Data-Driven Culture, Digital transformation is taking place in a lot of companies these days. As more processes are digitalized, more companies recognize the potential for Artificial Intelligence-driven efficiency improvements. However, increased AI use is not without obstacles usually found in the structure of an organization’s workflow.
Even though digitization and automation are becoming commonplace across industries, many companies still need a one-to-one data-driven culture. A data-driven culture involves more than analyzing the trends in the BI platform and running scenarios. It’s an attitude that allows companies to adapt to their customer’s needs and utilizes data to justify their decisions.
Companies can only establish data-driven practices slowly, but now is the perfect moment to begin. As AI use grows and so will the data volumes that have caused massive data-driven analytics becoming more crucial than ever before. Therefore, companies must shift away from a “gut feel” approach to decision-making in favor of a data-driven decision-making framework.
Prioritizing the most critical business tasks adoption has brought attention to data quality. Companies have been collecting customer data for years and have paid little to the accuracy and reliability of the data. AI algorithms trained on low-quality data can lead to less-than-optimal results for the business.
An investigative piece published by The Markup in 2021 detailed instances of mortgage underwriting algorithms denying minority loan applicants much more frequently due to past biases in data used to train. Inaccurately gathered data can lead to such results and create negative perceptions of brand image, which financial institutions require less.
Analyzing the sources of data can be the initial step to finding potential landmines, such as the example in the previous paragraph. The company must look over the information they’re collecting and the information they’re removing. Teams often throw out irrelevant data to their processes; however, those data sets could be helpful in other processes.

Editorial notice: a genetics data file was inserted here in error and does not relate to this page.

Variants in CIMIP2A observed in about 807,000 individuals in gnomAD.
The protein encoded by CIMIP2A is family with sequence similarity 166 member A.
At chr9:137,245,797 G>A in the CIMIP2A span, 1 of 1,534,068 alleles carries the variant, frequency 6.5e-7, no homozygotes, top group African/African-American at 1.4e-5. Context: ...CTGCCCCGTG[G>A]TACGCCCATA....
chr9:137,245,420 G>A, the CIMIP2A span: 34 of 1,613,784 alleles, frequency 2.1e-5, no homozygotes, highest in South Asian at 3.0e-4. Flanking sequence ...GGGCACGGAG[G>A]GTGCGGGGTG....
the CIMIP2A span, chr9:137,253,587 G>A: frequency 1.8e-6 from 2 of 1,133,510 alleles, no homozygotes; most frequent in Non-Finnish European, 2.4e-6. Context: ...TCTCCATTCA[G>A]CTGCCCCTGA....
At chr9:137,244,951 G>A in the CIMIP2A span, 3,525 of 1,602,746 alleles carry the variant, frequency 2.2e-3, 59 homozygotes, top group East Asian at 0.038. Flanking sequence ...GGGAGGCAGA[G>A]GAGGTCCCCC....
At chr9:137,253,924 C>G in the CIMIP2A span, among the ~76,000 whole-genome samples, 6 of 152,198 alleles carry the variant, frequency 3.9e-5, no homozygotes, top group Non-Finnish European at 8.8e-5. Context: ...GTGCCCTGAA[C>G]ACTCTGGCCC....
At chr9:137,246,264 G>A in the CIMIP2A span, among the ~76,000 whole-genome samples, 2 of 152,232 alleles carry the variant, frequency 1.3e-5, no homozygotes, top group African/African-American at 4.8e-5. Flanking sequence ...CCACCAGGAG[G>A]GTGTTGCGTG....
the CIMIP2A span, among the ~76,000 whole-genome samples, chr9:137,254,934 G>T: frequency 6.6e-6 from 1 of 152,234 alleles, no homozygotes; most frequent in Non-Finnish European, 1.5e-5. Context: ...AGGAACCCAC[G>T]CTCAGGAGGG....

Furthermore, data identified as “noise” typically provide valuable information that can give AI algorithms context. Some noises could be more helpful. Data-driven companies know the variables that have a significant role in their operations and categorize data.
Data collection and analysis is, therefore, a centralized job. Although individual units may contain data scientists within their respective units, a central data team needs to establish policies and schemas. Without this central view, companies will be blind to their vision which can lead to poor results that hurt their businesses.
If a company takes the first steps in dissolving all of its information, the ideal first step is to look at the most critical operations. In most cases, infrastructure needs some overhaul too. The ability to link technology investments to top-level business goals can help secure support and propel companies toward data-driven growth more quickly.
In the end, technology like AI is an instrument but not an answer. It’s only as good, depending on the information it gets.
- Pilot projects that have demonstrable results
Despite the immense focus AI and ML-based algorithms have received in recent times, only a tiny percentage of businesses can trust these algorithms. A 2021 study conducted by New Vantage Partners highlighted that only 12.1 percent of the companies that were who were surveyed used AI widely in production. The remainder were either unsatisfied with AI (thanks to the erroneous results) or were hesitant about expanding the use of AI.
Change is a lengthy time in the business. But technology has altered our notion about what “long” means. Since innovation has accelerated in the past decade, companies can’t afford to remain in the shadows and not consider the potential AI or a data-driven approach offer their companies.
Securing the approval of executives is a significant obstacle to overcome. Although most executives can’t be accused of being ignorant of the benefits of AI but gaining their approval depends on convincing them that AI can deliver tangible positive business results. The most important thing to do in these instances is to present quantifiable figures to justify the investment.
Most AI pilot projects focus on avoiding catastrophes first, then achieving their goals later. For example, an image recognition system is required to avoid misclassifying persons or products in circumstances that could cause negative publicity for brands. In this particular instance, the purpose of the business needs to be considered.